Hitting West to Darwin

The story continues in fast-forward mode.

  • Cairns is a little isolated in the North so I have to travel back along the East Coast in the direction of Townsville and then continue West on the A6 or Flinders Highway.
  • And then there was absolutely nothing.
  • We finish in Darwin above the Tropic of Capricorn.

#11 Sandy / Cairns -> BP truck stop Charters Towers

The common rule of thumb is that hitchhiking out of a city can be tough. Cairns proved to be no different.

I slept from dusk till dawn and am ready to hit West.  Here we go again. Cairns is still deserted and the few people I ask about a a good hitchhiking spot stare at me as if I just landed with a DeLorean DMC and asked for directions to the Milky Way. Not very helpful.

I walk along the Bruce Highway and find a gas station with only local traffic. Not good.

A Canadian cyclist stops and waves at me. He advises me to take a bus to Edmonton and try to get a lift in front of the Coles/Woolworths/Hungry Jacks. I follow his advice and jump on the next bus. A ticket goes for $3.10 and the bus driver assures me that I’ll get much better traffic in Edmonton. It is almost 10 am and the southbound traffic should start shortly. Once in Edmonton, I install myself with a sign just after the traffic lights on the Bruce Highway. Lots of traffic, but nobody pulling over. Finally, after one hour, a Ford stops. The driver yells “Get in mate!”

His name is Sandy as it is tattooed on his left arm. Sandy is a retired truckie and has driven interstate road trains for his entire life.  He visited relatives in Cairns and is driving back home. He smokes almost continuously and often breaks out in a violent coughing.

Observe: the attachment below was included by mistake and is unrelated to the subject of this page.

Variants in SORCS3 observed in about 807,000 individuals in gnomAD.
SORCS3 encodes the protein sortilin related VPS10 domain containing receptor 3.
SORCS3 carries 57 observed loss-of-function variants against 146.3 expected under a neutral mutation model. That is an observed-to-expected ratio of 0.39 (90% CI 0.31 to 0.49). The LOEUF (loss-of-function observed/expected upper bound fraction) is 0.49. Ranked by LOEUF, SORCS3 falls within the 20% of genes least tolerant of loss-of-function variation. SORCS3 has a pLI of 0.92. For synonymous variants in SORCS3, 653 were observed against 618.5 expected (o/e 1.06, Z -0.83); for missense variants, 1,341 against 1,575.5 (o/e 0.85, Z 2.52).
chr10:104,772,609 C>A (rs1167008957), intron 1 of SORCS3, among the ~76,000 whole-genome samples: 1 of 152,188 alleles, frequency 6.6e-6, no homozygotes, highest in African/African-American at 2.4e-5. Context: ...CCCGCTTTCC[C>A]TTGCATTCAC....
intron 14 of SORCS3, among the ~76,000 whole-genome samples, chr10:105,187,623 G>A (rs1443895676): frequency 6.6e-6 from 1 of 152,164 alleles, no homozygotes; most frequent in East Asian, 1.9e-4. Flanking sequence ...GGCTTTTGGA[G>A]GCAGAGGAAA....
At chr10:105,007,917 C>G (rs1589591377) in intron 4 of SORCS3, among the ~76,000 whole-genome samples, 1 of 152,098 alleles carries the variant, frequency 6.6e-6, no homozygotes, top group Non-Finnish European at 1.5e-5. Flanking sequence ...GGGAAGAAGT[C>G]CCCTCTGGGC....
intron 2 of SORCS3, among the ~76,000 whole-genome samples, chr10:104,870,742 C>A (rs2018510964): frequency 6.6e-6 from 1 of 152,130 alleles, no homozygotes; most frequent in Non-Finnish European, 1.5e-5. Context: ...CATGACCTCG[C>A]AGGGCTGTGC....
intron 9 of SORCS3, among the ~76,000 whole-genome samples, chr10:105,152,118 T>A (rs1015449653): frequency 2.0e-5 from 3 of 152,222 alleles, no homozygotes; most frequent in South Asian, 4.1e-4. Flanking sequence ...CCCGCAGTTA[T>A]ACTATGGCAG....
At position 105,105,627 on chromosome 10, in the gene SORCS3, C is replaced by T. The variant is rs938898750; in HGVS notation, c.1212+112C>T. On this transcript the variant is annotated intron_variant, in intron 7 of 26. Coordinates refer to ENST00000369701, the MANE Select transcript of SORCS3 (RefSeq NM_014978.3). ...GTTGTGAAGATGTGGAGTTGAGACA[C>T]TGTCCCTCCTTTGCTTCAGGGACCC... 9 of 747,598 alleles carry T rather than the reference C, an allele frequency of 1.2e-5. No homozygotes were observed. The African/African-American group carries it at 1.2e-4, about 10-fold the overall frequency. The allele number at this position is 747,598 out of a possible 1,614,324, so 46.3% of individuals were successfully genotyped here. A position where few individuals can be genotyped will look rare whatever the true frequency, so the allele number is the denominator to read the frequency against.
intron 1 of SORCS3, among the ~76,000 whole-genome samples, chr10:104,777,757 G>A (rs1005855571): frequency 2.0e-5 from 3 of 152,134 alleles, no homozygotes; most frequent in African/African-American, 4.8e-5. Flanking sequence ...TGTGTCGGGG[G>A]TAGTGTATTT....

“I tried to stop,” he almost apologetically explains, “but now it’s too late anyway so why stop?”

I’m afraid that Sandy will go the way of the audio cassettes in his car.

I tell him about my hitchhike experiences in Australia and the hard time I had getting out of Townsville.

“I won’t drop you off in Townsville. Townsville sucks. Everyone hates Townsville. I think even the people in Townsville hate Townsville. There should be a good truck stop in Charters Towers. Let’s try that one.”

Avoiding Townsville sounds as a great plan to me.

Sandy stops at the 24/7 BP truck stop in Charters Towers.

“Just follow the A6 and you’ll get there eventually. Don’t die!”

I grab my backpack and thank him for the lift. “Rock on,” he replies and off he goes.

Yes. He is spot on! I’m on a Highway to Hell.


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# 12 Tiffany / BP truck stop Charters Towers -> Shell truck stop Mt Isa

The Charters Towers truck stop sees a lot of traffic passing by. Taking into account the advice of the many truckies, I try to find a lift directly to Darwin. This should be a 3 day drive of 2400 km. I can’t find a truck heading that far and after a truckie told me that Saturday night is relatively calm, I decide to pitch my tent next to a warehouse. I simply need some sleep.

Twilight wakes me up and I notice a tubular object lying on my bivvy. I hit the bivvy with my toothbrush and the object escapes. I pack my bivvy and walk back to the truck stop. A man informs me that this a snake-infested region. Duly noted.

The traffic at the BP truck stop heads in a variety of directions: Mt Isa, Sydney (2000 km), Adelaide (!), mines, and many cars to Townsville. I realize that a direct lift to Darwin will be rare and have to downgrade my expectations. I decide to accept any westbound lift to a major town.

Around 9 am, a girl named Tiffany offers me a lift to Mt Isa.

This 800 km drive proved to be a grand experiment in patience.

Tiffany is a devote catholic and hasn’t much to say. And neither have I. Sometimes it’s tricky to find overlapping interests during a lift. So I propose to listen to some records that I spot on the dashboard. She inserts a CD and describes it as “the best CD ever”.

I’m curious.